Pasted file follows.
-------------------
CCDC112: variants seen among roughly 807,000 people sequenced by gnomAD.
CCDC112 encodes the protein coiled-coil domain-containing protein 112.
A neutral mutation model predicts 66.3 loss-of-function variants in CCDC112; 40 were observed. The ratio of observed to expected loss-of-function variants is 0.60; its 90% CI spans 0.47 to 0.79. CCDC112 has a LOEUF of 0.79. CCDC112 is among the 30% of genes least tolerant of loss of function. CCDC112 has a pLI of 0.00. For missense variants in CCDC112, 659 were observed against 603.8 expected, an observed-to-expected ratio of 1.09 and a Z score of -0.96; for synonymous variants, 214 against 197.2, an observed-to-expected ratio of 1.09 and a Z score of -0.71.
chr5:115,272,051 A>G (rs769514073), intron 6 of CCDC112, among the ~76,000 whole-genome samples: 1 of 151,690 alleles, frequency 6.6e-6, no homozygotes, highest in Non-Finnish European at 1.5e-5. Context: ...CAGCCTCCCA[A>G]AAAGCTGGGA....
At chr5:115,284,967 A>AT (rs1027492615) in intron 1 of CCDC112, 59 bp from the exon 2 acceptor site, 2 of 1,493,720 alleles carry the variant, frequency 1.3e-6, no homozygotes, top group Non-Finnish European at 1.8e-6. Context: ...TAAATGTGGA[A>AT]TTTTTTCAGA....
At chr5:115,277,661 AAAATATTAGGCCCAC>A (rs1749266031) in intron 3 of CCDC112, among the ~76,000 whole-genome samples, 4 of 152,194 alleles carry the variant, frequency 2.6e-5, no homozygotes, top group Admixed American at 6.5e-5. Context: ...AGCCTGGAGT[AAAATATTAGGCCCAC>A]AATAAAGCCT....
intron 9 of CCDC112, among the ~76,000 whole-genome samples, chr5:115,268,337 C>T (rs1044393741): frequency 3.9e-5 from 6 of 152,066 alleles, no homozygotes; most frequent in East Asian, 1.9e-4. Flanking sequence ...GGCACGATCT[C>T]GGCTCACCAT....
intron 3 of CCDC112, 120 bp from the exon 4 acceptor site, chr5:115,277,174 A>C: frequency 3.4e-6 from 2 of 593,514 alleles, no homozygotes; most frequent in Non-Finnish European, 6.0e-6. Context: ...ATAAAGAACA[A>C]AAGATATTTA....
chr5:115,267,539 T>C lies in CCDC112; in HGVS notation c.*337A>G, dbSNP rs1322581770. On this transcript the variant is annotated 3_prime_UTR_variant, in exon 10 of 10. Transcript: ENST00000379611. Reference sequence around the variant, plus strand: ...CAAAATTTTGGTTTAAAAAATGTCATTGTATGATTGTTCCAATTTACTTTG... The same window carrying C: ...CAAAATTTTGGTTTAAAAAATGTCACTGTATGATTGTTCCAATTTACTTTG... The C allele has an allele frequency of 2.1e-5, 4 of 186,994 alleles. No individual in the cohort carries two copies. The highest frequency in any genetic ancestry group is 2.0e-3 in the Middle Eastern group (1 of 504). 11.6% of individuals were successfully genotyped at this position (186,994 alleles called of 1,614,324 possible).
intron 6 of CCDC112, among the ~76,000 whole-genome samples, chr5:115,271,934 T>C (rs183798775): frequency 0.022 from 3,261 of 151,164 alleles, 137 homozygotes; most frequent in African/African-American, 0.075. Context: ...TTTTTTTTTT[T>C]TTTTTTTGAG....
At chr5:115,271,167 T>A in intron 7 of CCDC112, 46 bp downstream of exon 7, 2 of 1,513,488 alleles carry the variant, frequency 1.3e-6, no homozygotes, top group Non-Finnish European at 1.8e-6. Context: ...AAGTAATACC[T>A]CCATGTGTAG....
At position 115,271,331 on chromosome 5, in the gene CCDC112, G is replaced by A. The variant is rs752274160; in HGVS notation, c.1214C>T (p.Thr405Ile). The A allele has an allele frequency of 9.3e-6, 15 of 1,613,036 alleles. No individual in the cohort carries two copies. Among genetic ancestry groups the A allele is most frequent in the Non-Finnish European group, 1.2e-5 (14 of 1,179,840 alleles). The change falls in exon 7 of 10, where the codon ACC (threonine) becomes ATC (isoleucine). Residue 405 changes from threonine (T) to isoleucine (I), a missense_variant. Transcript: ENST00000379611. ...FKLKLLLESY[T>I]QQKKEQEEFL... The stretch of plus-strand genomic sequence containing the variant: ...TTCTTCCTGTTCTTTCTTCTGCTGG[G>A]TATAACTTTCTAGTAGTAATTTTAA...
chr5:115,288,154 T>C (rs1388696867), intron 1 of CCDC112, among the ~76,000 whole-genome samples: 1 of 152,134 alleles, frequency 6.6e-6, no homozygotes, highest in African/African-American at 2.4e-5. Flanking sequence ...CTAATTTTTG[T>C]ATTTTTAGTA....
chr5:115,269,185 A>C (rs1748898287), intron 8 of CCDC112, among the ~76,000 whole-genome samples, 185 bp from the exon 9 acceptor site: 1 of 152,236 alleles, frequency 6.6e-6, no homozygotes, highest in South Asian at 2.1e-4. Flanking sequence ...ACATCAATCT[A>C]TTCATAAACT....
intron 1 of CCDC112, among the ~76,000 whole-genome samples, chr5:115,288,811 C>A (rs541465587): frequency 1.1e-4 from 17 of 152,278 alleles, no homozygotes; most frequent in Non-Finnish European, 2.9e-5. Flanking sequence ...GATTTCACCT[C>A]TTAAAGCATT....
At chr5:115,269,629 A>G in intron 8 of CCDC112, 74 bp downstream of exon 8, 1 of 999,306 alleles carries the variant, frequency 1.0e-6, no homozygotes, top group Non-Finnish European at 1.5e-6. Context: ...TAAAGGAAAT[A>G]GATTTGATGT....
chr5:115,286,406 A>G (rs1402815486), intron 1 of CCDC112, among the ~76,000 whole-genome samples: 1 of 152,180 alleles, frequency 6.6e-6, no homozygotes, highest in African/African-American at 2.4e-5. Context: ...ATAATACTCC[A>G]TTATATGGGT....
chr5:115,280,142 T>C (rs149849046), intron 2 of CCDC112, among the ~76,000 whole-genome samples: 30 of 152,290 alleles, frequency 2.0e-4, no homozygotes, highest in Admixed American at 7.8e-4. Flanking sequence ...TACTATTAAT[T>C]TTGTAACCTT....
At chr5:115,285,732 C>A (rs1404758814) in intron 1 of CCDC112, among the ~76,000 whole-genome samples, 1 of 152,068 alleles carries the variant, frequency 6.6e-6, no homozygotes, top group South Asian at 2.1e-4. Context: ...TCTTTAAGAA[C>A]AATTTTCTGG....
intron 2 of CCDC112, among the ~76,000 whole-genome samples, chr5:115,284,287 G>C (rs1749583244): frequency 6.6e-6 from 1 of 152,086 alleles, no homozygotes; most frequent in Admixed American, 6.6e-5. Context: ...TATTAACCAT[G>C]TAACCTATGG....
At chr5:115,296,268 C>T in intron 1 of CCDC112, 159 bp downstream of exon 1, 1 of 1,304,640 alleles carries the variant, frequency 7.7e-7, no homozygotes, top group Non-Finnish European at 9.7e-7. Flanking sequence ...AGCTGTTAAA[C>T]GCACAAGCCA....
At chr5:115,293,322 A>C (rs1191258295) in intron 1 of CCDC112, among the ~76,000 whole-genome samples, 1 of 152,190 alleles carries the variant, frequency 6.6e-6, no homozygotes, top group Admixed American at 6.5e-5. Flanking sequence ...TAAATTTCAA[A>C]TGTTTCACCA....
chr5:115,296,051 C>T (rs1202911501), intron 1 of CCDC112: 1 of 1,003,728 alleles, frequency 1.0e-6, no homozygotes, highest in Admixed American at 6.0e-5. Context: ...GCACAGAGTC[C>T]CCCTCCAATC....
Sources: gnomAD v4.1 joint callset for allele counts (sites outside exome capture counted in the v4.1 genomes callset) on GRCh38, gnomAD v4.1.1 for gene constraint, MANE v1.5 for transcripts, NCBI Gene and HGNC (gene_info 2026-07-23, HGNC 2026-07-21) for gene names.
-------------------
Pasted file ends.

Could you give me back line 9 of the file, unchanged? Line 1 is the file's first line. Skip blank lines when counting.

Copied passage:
chr5:115,267,539 T>C lies in CCDC112; in HGVS notation c.*337A>G, dbSNP rs1322581770. On this transcript the variant is annotated 3_prime_UTR_variant, in exon 10 of 10. Transcript: ENST00000379611. Reference sequence around the variant, plus strand: ...CAAAATTTTGGTTTAAAAAATGTCATTGTATGATTGTTCCAATTTACTTTG... The same window carrying C: ...CAAAATTTTGGTTTAAAAAATGTCACTGTATGATTGTTCCAATTTACTTTG... The C allele has an allele frequency of 2.1e-5, 4 of 186,994 alleles. No individual in the cohort carries two copies. The highest frequency in any genetic ancestry group is 2.0e-3 in the Middle Eastern group (1 of 504). 11.6% of individuals were successfully genotyped at this position (186,994 alleles called of 1,614,324 possible).